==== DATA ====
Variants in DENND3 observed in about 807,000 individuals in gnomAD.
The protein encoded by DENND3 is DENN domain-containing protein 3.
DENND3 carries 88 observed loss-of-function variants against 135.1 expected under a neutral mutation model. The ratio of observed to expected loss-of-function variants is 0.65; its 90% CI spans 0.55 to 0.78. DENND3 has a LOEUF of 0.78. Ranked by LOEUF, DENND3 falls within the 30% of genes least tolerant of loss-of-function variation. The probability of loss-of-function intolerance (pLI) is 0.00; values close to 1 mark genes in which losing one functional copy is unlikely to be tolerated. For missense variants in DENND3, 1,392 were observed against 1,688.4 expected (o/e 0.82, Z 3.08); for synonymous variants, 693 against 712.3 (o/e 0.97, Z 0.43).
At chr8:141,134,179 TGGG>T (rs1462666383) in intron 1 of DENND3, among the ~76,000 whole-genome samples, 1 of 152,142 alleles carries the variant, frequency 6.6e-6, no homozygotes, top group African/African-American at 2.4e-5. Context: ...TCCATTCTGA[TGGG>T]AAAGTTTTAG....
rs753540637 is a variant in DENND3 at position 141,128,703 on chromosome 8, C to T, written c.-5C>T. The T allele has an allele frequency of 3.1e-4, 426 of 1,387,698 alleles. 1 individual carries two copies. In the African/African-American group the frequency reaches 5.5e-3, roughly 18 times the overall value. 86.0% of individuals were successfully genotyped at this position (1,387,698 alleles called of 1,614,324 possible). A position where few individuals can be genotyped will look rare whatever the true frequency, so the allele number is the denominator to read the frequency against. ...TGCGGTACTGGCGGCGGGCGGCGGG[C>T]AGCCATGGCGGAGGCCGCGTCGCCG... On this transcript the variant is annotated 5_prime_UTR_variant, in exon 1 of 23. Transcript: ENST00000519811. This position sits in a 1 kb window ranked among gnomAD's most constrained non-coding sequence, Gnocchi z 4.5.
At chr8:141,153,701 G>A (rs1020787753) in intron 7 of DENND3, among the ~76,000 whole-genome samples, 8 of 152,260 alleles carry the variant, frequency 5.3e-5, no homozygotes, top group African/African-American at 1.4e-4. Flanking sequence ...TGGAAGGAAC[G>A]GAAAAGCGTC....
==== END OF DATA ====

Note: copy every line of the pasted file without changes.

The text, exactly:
Variants in DENND3 observed in about 807,000 individuals in gnomAD.
The protein encoded by DENND3 is DENN domain-containing protein 3.
DENND3 carries 88 observed loss-of-function variants against 135.1 expected under a neutral mutation model. The ratio of observed to expected loss-of-function variants is 0.65; its 90% CI spans 0.55 to 0.78. DENND3 has a LOEUF of 0.78. Ranked by LOEUF, DENND3 falls within the 30% of genes least tolerant of loss-of-function variation. The probability of loss-of-function intolerance (pLI) is 0.00; values close to 1 mark genes in which losing one functional copy is unlikely to be tolerated. For missense variants in DENND3, 1,392 were observed against 1,688.4 expected (o/e 0.82, Z 3.08); for synonymous variants, 693 against 712.3 (o/e 0.97, Z 0.43).
At chr8:141,134,179 TGGG>T (rs1462666383) in intron 1 of DENND3, among the ~76,000 whole-genome samples, 1 of 152,142 alleles carries the variant, frequency 6.6e-6, no homozygotes, top group African/African-American at 2.4e-5. Context: ...TCCATTCTGA[TGGG>T]AAAGTTTTAG....
rs753540637 is a variant in DENND3 at position 141,128,703 on chromosome 8, C to T, written c.-5C>T. The T allele has an allele frequency of 3.1e-4, 426 of 1,387,698 alleles. 1 individual carries two copies. In the African/African-American group the frequency reaches 5.5e-3, roughly 18 times the overall value. 86.0% of individuals were successfully genotyped at this position (1,387,698 alleles called of 1,614,324 possible). A position where few individuals can be genotyped will look rare whatever the true frequency, so the allele number is the denominator to read the frequency against. ...TGCGGTACTGGCGGCGGGCGGCGGG[C>T]AGCCATGGCGGAGGCCGCGTCGCCG... On this transcript the variant is annotated 5_prime_UTR_variant, in exon 1 of 23. Transcript: ENST00000519811. This position sits in a 1 kb window ranked among gnomAD's most constrained non-coding sequence, Gnocchi z 4.5.
At chr8:141,153,701 G>A (rs1020787753) in intron 7 of DENND3, among the ~76,000 whole-genome samples, 8 of 152,260 alleles carry the variant, frequency 5.3e-5, no homozygotes, top group African/African-American at 1.4e-4. Flanking sequence ...TGGAAGGAAC[G>A]GAAAAGCGTC....